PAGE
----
This blog post will focus on novels set many centuries in the past, whether written recently or…many centuries in the past. It’s fascinating to get a taste of what life was like long ago — seeing the differences and similarities from the way we live today. And — what do you know! — human emotions were pretty much the same, even as smartphone use was 50% less in ancient times.

Set VERY long ago is Jack London’s Before Adam, in which a man dreams he’s living in the era when apes were evolving into humans. (This was well before U.S. Republican leaders began devolving.) Part of Arthur C. Clarke’s mind-blowing 2001: A Space Odyssey takes place during roughly the same period.

Another far-back novel with a not-quite-so-old milieu is Anthony Burgess’ The Kingdom of the Wicked — which unfolds during the time of Christianity’s birth 2,000 years ago. There are of course numerous fictional works featuring or referencing Jesus Christ during the time he lived (if you believe he lived).

Taking place roughly during that same time period is Robert Graves’ I, Claudius — set during the Roman Empire.

Moving ahead several hundred years, we have Mark Twain’s pointed/hilarious A Connecticut Yankee in King Arthur’s Court, in which the 19th-century protagonist travels back to the late-5th/early-6th-century days of Camelot.

Then there’s Ivanhoe, Sir Walter Scott’s famous historical novel set in 12th-century England.

Plus The Name of the Rose, Umberto Eco’s intellectual murder mystery that takes place in 14th-century Italy; and The House on the Strand, Daphne du Maurier’s gripping novel that features time travel back to that 1300s period in England.

The iconic Don Quixote is set in the 1500s, or perhaps the early 1600s — when Miguel de Cervantes wrote it.

And James Clavell’s compelling Shogun takes place in the feudal Japan of 1600.

Speaking of Japan, there’s Murasaki Shikibu’s The Tale of Genji, which takes place about a thousand years ago — and was written by Ms. Shikibu about a thousand years ago! (A scene from that early novel is shown atop this blog post.)

What are some of your favorite novels set many centuries in the past? I realize there are countless titles I didn’t name.

My 2017 literary-trivia book is described and can be purchased here: Fascinating Facts About Famous Fiction Authors and the Greatest Novels of All Time.

In addition to this weekly blog, I write the award-winning “Montclairvoyant” topical-humor column for Baristanet.com. The latest weekly piece — about structural problems in three old schools, the possible reopening of a historic movie theater, and my town’s new congresswoman — is here.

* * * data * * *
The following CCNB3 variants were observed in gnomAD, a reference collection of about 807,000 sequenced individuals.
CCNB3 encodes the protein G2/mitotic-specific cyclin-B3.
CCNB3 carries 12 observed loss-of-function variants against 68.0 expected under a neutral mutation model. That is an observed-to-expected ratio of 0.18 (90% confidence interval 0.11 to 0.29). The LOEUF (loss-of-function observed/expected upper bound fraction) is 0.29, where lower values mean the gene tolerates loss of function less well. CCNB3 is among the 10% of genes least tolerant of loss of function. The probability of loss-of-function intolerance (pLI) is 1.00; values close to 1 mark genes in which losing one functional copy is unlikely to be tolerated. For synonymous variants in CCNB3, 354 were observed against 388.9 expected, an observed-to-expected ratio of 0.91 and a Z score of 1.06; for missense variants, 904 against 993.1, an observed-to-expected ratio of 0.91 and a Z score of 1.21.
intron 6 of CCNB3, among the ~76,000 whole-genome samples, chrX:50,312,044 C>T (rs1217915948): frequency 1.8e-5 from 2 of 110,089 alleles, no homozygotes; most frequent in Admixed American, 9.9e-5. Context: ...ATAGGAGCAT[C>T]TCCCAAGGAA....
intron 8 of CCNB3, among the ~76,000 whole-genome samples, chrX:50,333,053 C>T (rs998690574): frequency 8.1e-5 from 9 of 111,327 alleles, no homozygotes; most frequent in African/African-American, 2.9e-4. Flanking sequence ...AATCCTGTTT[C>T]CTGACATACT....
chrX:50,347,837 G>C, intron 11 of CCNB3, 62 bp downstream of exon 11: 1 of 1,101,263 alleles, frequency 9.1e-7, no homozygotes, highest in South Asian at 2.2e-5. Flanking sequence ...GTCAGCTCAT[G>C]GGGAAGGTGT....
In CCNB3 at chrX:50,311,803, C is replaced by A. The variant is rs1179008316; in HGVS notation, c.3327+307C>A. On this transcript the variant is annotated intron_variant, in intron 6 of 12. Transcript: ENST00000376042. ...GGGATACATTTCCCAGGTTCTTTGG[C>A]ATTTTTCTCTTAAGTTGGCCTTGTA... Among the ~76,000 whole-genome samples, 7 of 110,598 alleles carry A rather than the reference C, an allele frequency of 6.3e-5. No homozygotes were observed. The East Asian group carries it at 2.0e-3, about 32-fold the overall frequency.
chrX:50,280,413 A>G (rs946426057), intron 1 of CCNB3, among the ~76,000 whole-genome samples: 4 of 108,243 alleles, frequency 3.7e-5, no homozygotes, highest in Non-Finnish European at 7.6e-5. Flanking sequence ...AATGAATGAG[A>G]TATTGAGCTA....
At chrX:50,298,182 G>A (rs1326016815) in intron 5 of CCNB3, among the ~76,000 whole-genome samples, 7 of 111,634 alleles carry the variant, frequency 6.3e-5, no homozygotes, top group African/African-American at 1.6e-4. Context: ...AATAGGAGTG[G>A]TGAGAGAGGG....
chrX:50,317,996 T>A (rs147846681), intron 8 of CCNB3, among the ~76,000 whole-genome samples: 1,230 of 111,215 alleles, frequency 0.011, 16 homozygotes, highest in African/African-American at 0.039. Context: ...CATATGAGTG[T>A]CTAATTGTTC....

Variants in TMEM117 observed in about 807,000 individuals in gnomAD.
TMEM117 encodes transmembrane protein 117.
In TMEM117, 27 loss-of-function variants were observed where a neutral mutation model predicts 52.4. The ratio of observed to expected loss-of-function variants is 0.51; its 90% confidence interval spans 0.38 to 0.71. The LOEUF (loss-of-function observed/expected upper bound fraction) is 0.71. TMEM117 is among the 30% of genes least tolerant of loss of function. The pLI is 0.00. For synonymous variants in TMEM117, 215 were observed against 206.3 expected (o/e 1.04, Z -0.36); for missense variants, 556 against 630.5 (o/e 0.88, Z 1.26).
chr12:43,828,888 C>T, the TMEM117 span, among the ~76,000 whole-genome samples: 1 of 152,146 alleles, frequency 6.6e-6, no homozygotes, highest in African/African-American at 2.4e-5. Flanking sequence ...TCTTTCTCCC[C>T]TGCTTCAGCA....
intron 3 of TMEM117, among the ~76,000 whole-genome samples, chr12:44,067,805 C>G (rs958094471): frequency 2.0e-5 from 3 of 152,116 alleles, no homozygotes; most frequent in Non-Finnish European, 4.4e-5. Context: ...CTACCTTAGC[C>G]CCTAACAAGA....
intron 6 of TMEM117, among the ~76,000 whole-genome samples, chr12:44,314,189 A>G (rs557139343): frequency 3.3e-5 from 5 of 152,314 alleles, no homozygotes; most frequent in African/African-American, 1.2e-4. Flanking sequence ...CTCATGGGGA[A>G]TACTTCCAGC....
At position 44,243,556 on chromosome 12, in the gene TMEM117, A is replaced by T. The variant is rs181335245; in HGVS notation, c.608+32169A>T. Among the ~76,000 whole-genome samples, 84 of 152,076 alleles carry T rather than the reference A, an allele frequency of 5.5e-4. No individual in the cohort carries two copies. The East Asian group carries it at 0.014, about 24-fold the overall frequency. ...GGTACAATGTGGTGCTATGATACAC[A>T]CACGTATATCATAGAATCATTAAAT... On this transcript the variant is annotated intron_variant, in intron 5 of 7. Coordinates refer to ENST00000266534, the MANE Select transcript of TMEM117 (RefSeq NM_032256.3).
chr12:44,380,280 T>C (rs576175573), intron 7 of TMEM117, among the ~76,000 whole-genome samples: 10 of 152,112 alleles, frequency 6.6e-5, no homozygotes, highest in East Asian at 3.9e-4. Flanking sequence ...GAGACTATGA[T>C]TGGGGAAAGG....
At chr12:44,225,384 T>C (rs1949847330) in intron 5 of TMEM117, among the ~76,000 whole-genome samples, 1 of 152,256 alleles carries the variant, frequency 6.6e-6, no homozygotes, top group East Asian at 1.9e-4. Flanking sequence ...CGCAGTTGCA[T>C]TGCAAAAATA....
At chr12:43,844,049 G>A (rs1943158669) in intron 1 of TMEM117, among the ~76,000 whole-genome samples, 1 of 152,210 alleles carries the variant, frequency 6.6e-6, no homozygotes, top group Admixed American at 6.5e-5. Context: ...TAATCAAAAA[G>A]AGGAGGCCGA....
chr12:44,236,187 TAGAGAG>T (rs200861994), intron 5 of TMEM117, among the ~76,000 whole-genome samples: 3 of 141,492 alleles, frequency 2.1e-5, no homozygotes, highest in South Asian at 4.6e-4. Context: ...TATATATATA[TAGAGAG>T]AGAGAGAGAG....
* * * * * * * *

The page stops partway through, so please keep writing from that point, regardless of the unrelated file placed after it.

A Statistical Interlude

Bloggers who use WordPress get a statistics-laden “backstage” area telling them how their readership is going. So I thought I’d skip writing about literature for just one week in order to offer some 2018 statistics, along with one overall number that began growing when I launched this blog in mid-2014.

Last year, this blog had 21,249 views, 10,674 visitors, 3,365 comments, and 2,508 likes.

The four most widely read 2018 posts were: “Strong Female Characters in 19th-Century Fiction” (by far!), followed by “Love-Hate Relationships in Lit,” “Some of the Saddest Novels Ever,” and “Literature’s Unlikely Heroines and Heroes.”

Of the aforementioned 21,249 views, about 65% came from the United States. The next nine in the top ten of viewership by nation were, in order: Australia, the United Kingdom, India, Canada, the Philippines, France, Germany, Spain, and Italy. Readership last year came from 132 countries total — also including Finland, Ireland, Kenya, China, Mexico, Japan, Jordan, Jamaica, etc.

This four-and-one-half-year-old blog now has 2,306 followers.

Back to a more interesting literary topic next week!

My 2017 literary-trivia book is described and can be purchased here: Fascinating Facts About Famous Fiction Authors and the Greatest Novels of All Time.

In addition to this weekly blog, I write the award-winning “Montclairvoyant” topical-humor column for Baristanet.com. The latest weekly piece — about an expensive hotel, busing equity, and a great decision about a not-great standardized test — is here.